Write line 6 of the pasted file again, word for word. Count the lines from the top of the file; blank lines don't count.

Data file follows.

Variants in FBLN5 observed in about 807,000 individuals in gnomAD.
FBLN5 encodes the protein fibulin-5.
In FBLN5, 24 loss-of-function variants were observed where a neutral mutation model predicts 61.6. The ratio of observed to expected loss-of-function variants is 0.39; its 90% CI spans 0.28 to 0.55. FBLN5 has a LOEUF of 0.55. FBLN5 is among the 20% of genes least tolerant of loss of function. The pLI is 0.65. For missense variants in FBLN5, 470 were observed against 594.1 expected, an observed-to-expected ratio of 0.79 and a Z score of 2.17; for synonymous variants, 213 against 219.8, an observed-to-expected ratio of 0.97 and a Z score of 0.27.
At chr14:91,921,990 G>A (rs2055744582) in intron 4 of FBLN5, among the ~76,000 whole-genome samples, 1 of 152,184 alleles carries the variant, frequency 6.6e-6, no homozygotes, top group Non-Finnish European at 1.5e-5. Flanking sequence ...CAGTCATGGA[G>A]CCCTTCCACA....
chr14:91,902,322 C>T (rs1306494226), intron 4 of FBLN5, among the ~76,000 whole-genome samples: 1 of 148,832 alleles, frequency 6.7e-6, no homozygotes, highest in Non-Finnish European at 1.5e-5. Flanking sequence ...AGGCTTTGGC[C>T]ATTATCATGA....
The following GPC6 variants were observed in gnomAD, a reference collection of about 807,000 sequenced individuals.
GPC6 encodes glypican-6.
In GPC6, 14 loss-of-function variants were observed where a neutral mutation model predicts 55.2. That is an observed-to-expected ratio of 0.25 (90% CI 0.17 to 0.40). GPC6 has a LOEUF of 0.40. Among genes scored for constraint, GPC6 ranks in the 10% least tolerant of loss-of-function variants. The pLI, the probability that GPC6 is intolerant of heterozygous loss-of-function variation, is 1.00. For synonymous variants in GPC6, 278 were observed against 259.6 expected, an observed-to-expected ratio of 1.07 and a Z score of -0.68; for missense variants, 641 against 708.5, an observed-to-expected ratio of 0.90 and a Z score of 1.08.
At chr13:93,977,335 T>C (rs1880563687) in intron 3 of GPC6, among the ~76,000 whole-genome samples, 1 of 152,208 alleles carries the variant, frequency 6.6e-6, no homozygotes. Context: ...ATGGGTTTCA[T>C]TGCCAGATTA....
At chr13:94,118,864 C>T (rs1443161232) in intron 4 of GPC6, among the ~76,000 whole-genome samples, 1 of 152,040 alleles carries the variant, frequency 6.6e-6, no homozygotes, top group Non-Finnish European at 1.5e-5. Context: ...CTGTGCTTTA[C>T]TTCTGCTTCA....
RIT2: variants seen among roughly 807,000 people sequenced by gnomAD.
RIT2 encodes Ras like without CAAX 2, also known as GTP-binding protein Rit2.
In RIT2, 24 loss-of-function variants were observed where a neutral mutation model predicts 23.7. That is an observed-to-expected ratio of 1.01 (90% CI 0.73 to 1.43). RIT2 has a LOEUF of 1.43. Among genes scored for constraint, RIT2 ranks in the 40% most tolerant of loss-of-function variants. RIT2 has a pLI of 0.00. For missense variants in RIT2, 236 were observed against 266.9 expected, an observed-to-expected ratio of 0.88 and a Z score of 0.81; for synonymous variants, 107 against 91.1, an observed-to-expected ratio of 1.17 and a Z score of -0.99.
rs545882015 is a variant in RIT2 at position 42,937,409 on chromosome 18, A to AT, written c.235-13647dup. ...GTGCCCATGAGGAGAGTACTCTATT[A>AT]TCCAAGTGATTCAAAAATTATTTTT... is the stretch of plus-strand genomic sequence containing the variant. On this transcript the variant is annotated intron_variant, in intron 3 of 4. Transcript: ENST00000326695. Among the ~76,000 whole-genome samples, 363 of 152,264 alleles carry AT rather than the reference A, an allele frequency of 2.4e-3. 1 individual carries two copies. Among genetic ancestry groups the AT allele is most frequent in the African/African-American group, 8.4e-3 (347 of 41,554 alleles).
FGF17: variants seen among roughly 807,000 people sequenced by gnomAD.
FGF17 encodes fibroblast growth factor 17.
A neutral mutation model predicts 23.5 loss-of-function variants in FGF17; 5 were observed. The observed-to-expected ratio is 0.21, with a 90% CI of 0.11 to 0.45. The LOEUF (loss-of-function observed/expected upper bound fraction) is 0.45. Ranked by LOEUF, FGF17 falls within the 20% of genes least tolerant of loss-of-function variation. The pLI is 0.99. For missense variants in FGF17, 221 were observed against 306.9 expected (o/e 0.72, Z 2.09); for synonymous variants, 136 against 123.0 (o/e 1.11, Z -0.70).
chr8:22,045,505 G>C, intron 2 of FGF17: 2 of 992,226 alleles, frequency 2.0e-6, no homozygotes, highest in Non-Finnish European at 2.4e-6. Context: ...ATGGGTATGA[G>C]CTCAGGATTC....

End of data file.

The following GPC6 variants were observed in gnomAD, a reference collection of about 807,000 sequenced individuals.